This is what going swimming will look like after lockdown

Swimming can be hugely beneficial for both your physical and mental health – and if you’re usually a regular at the pool, you’ve probably felt the closure of gyms and leisure centres keenly.

So now, as high street stores begin to reopen and the flexibility around social gatherings gradually relaxes, there are glimpses of our former lives re-emerging – so what does that mean for returning to the lanes?

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Swim England has released a comprehensive new report, Returning to The Pool, which outlines the key changes that will need to be made in order for swimming pools to reopen safely and with appropriate precautions.

‘We have all been missing the water during the Covid-19 enforced closure of swimming pools,’ says Jane Nickerson, the organisation’s chief executive.

‘When pools reopen, it will not be a case of ‘business as usual’ and we know that things will have to be different, but if we are to play our part in protecting the NHS from another wave of Covid-19 admissions, it is important we follow the latest guidance and adjust to the new “normal”.’

When will swimming pools reopen?

when will swimming pools reopen
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As of yet there are no confirmed dates for gyms or swimming pools to reopen in the UK.

‘Government guidance clearly states that pools in England cannot reopen before 4 July and it is still unknown whether that will be the date that this happens – that is a decision for the government,’ Nickerson explains.

July 4 is the earliest feasible date that pools could possibly reopen – however, it is possible that the delay will be even longer as individual outlets create their guidelines to keep swimmers and staff as safe as possible.

What will the new swimming rules be after lockdown?

The advice laid out in the Returning to the Pool report offers a clear breakdown of what you should do before, during and after your swim.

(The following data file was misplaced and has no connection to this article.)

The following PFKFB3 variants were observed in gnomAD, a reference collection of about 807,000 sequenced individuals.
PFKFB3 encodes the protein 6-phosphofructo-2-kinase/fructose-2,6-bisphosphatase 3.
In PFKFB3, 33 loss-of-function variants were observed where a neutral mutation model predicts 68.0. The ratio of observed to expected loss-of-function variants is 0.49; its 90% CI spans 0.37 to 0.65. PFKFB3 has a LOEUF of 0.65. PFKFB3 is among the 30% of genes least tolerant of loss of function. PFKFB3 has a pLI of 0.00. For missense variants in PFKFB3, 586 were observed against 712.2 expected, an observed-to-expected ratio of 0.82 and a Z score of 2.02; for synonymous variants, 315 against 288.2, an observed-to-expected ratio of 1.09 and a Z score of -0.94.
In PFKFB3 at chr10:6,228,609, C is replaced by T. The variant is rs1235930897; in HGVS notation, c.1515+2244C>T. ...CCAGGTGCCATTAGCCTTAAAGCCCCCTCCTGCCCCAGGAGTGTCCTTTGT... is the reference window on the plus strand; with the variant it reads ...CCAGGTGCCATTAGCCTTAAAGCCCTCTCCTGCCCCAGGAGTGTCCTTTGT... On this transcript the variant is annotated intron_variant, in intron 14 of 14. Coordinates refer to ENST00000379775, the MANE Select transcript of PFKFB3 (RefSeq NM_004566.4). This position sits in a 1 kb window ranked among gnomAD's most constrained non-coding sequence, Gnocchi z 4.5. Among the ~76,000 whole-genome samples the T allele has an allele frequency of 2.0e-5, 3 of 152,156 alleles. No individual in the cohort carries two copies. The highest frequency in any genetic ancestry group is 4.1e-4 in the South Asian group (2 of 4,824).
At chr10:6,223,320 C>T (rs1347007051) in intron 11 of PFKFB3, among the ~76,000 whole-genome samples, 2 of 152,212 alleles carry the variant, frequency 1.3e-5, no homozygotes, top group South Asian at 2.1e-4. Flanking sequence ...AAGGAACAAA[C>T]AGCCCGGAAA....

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Before your swim

Some operators may introduce pre-booking systems to reduce crowding and ensure a reasonable number of people in the pool at one time. Check with your local pool and book a slot with availability before you visit.

In order to minimise the time spent in changing rooms, you should arrive in your swimwear under your clothing. It’s also advised that you shower at home pre and post swim, even if showers are open at your local facility.

During your swim

If you require any equipment or flotation aids, these should be brought with you, rather than borrowed at the pool. You should follow the pool’s guidance on social distancing, direction of travel and other risk control measures, and keep appropriate distance between yourself and the swimmers around you at all times.

‘Choose your lane using the fast, medium and slow signs and by watching those already swimming,’ the report recommends. ‘Do not overtake whilst swimming. Before pushing off at each turn, check to see if anyone faster is approaching.

‘Wide strokes such as butterfly should be avoided when the lanes become busy. If you change to a slower stroke as part of your session, think about moving lanes.’

It’s recommended that clubs should consider double width lanes when setting up for lane swimming. If you need to rest, you should ‘keep yourself to the edge of the lane allowing others to turn at the wall, turning head away and allowing others to maintain social distancing measures.’

After your swim

Again, it’s suggested that you should spend as little time in the changing rooms as you can, and shower at home if at all possible. Use hand sanitiser/wash stations wherever they are made available.

Is it safe to go swimming?

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After consulting with Public Health England previously, the The Pool Water Treatment and Advisory Group said: ‘We have checked with our national leads who confirm that coronavirus would be inactivated at the levels of chlorine used in swimming pools.’

‘However, visitors to swimming pools are reminded to shower before using the pool, to shower on leaving the pool and to follow the necessary hygiene precautions when visiting public places to help reduce the risk of infection.’